Politics

Shapps against ‘vast increase’ in ‘eyesore’ onshore wind farms ahead of energy strategy reveal

Grant Shapps has pushed back against reported proposals to increase the number of onshore windfarms as the government prepares to unveil its energy security strategy next week.

The transport secretary told Sky News’ Ridge on Sunday programme that onshore windfarms are “eyesores” and damage the environment, adding that he personally does not favour “a vast increase” in the number of them.

It had been reported that Business Secretary Kwasi Kwarteng wanted to double onshore wind power by 2030, and treble it by 2035.

On Sunday, Downing Street said any decisions on onshore wind “will always be subject to consent from local authorities”.

Looking ahead to the government’s energy strategy reveal next week Mr Shapps told Sky News the government “will be looking for a greater mix to produce our energy”, adding: “You might expect to see more nuclear reactors, nuclear power.”

Asked if planning laws should be relaxed to allow for more onshore windfarms, the transport secretary said: “I don’t favour a vast increase in onshore wind farms, for pretty obvious reasons – they sit on the hills there and can create something of an eyesore for communities as well as actual problems of noise as well.

“So I think for reasons of environmental protection, the way to go with this is largely, not entirely, but largely off-sea.”

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Pressed on whether that means the idea of a big increase in the number of onshore wind farms is effectively off the table for now, he added: “I’d urge you to wait for the energy strategy later in the week.

“But my thinking is what you really want to do is develop in other ways – nuclear, we will have offshore wind. I don’t think you want a huge expansion of onshore wind.

“There may be cases where it makes sense, but I think by and large we’ve established… that offshore works very well. And by the way, it’s providing quite a lot of our electricity already.”

It comes as the The Sunday Telegraph newspaper reported that Boris Johnson is preparing to announce plans to expand the government’s commitment to move forward with new nuclear power stations this decade.

A Number 10 spokesperson said: “Next week we will set out an ambitious plan to supercharge our use of a diverse range of renewables including offshore wind, solar and hydrogen – all underpinned by nuclear and continued support for our North Sea oil and gas sector.”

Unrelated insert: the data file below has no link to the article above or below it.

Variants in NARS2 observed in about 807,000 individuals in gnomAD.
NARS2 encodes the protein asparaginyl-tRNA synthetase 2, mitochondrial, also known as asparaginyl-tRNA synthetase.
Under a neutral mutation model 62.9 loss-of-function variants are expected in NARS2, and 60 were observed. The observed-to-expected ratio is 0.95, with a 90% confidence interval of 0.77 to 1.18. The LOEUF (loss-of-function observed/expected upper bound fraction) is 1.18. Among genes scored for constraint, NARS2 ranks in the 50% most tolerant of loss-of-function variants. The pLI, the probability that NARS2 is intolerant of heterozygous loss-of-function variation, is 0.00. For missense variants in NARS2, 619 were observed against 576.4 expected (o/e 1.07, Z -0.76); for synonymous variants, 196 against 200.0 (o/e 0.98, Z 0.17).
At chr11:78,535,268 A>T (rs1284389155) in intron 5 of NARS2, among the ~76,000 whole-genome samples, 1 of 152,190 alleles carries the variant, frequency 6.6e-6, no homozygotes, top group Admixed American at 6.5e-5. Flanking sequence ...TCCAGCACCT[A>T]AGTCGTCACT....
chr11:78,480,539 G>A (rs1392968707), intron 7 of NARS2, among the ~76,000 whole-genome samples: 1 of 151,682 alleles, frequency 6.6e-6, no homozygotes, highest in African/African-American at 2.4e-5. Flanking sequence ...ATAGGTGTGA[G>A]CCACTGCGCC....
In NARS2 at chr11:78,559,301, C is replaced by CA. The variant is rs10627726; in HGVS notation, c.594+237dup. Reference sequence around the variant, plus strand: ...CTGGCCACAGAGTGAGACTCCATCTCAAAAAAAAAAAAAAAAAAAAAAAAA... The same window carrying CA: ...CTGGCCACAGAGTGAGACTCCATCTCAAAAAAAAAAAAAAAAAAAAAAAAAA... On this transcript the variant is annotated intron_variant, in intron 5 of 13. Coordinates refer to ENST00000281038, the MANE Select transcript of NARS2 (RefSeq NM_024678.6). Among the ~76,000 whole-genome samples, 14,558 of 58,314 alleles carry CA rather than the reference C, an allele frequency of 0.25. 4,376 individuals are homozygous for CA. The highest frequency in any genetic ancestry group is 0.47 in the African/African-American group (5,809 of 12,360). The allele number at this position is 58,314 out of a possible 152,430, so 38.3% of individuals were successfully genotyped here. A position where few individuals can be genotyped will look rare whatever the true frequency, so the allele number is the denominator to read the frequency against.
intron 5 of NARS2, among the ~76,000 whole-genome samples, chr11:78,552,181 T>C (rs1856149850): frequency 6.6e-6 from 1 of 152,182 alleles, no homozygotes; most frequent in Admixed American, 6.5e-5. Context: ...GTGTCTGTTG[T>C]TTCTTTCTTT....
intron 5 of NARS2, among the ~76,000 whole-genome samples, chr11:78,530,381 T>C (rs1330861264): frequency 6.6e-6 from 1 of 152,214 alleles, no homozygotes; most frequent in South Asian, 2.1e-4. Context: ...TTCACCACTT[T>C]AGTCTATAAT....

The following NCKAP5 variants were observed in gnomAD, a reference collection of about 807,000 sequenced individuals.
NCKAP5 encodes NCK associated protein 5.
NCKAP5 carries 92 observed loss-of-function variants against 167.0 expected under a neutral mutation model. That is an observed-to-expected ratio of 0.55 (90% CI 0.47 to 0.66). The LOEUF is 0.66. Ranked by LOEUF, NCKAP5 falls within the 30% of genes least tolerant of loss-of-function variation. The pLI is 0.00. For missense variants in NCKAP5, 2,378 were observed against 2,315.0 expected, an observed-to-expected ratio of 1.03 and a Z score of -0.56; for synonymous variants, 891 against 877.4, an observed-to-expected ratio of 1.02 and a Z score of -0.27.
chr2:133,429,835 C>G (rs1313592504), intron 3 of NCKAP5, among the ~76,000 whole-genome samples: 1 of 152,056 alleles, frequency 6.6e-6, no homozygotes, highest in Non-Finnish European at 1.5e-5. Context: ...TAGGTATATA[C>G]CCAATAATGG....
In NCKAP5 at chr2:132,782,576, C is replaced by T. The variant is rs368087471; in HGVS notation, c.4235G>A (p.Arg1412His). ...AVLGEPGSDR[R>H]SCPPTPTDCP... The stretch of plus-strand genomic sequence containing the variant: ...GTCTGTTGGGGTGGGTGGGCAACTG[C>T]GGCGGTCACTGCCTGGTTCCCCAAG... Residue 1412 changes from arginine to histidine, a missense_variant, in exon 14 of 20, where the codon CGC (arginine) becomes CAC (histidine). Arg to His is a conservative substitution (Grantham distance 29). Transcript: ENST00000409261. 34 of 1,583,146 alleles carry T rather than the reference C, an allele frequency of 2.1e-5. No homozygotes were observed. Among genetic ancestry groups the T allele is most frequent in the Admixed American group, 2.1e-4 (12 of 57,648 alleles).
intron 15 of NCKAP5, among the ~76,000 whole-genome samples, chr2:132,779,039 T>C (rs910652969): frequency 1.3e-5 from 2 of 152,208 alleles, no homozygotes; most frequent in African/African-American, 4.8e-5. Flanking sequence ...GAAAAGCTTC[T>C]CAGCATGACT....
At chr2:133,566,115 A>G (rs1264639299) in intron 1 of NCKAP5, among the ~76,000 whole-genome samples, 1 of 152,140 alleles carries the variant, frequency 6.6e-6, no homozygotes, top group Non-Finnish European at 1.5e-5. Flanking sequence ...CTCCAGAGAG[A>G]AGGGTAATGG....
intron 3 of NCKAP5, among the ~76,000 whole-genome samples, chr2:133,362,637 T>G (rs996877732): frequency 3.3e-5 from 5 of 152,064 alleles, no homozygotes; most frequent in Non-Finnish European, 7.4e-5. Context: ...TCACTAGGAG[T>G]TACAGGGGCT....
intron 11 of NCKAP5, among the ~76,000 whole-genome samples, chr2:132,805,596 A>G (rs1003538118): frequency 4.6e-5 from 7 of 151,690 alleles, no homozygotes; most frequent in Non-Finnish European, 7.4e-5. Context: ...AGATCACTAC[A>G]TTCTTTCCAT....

Shadow business secretary Jonathan Reynolds told Sky News’ Ridge on Sunday programme that the Labour party supports more investment in nuclear energy to help ease the rising cost of household bills.

He said: “We do support more nuclear in the system alongside that development of renewables.

“I think the danger is that, frankly the individual commissioning decisions on nuclear reactors all depend on the price you can achieve – they can be very expensive if you haven’t been able to get the right deal and the right private sector partners to do that.”

Meanwhile, following Mr Shapps earlier remarks, Conservative MP Alicia Kearns described herself as “probably one of the only people in the country who think onshore wind can be quite beautiful in its own way”.

Speaking to Sky News, Ms Kearns stressed the need for the UK to “clean up” its energy supply chains, adding: “I will not have bloodstained panels essentially pollute our environment.”

Earlier this week, MPs urged the government to take action to reduce energy bills for pensioners and other vulnerable groups.

Theresa Villiers, a former Tory cabinet minister, and several other MPs put forward ideas for further action during business, energy and industrial strategy questions on Tuesday.

Ms Villiers told the House of Commons: “The price cap, the cut in fuel duty and warm homes discount are providing vital help with bills, but will the government commit to further action domestically and internationally to try to get energy prices down to help pensioners and other vulnerable groups?”

Business secretary Mr Kwarteng replied: “[She] is absolutely right to identify this as an issue and that’s why we’re working not only within this government, but across G7 partners to make sure that we get energy supply, diverse sources of supply which can keep prices down.”

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